edite, Virg. Aen. 8. 137 · Electram maximus Atlas Edidit.'
2. Cp. Od. 2. 17. 4 'mearum Grande decus columenque rerum ;' Ep. 1. I. 103 · rerum tutela mearum ;' Virg. G. 2. 40 O decus, O famae merito pars maxima nostrae.' Notice that here, as with the corresponding word in the other passages, ‘ meum’is in the emphatic place, 'to me.'
3. sunt quos . . iuvat. “Sunt qui' may take either a Subjunctive, in which case ' qui' has its consecutive force: 'sunt qui dicant,' there are people to say:' or an Indicative, in which case sunt-qui,' like 'nescio quis,' becomes a new pronoun, the subject of a definite categorical statement. The former is the more Latin construction, more consonant with the usages of the Relative, and is preferred in prose, although the Indicative is also found, as in Sall. Cat. 19. 4, where see Kritz' note. Horace, swayed perhaps by his love of Greek constructions, prefers the Indícative, after the model of cioìv oi'. Cp. Od. 1.7. 5, Sat. 1. 4. 24, 2. 1. I, etc. But he uses the Subjunctive also, Sat. 1. 2. 28, 1. 4. 74, Epp. 1. 1. 77. In Epp. 2. 2. 183 ‘Sunt qui non habeant, est qui non curat habere,' he seems to use the two constructions as a means of contrasting the vagueness of a general statement with the definiteness of a known particular instance. There are who have not, I know one who cares not to have.'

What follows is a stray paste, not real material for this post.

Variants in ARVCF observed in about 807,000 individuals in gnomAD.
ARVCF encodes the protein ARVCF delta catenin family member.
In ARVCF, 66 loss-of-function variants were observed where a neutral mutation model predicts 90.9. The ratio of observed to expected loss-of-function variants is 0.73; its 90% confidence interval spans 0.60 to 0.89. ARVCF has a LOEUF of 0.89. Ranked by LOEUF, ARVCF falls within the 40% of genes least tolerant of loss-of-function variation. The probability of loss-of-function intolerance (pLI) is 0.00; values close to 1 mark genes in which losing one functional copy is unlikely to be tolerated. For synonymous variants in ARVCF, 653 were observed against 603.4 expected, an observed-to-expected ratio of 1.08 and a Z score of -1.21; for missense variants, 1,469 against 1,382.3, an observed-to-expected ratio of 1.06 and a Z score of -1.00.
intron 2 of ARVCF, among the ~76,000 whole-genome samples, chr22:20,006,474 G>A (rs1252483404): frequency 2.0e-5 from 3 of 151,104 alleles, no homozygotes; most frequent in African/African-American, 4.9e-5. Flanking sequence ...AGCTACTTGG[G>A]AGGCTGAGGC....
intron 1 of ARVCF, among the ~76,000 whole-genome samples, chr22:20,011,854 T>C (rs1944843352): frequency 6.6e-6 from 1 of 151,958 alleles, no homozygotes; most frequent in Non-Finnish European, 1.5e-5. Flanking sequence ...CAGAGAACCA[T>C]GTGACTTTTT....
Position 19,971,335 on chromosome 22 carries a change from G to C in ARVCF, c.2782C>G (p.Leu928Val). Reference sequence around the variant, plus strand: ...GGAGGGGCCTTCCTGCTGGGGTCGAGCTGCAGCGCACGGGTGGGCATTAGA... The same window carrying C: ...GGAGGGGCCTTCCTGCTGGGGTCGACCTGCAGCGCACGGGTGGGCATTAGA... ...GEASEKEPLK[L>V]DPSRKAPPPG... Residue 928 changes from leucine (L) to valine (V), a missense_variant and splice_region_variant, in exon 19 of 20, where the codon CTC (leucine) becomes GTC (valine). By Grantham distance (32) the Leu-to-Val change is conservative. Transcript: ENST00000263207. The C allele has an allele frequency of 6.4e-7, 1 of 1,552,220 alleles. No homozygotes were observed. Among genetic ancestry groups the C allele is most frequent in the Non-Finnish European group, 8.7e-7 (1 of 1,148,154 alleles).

curriculo may mean either the 'course,' as in Cic. Mur. 27 'quadrigarum curriculum,' or the chariot,' as in Ov. Trist. 4. 8 curriculo gravis est facta ruina meo.'
4. collegisse. On comparison with Sat. 1. 4. 31 'pulvis collectus turbine,' perhaps rather to have raised a cloud of dust' than ‘to have become dusty.' The perf. may be regular, but see on 3. 4. 52.
fervidis, Virg. G. 3. 167 .volat vi fervidus axis;' the object was to round the 'metae' as closely as possible, and with the chariot going at full speed.
5. palma nobilis, 'the palm of glory,' Paus. 8. 48 és oè tņu defráv έστι και πινταχού τη νικώντι εστιθέμενος φοινίς. .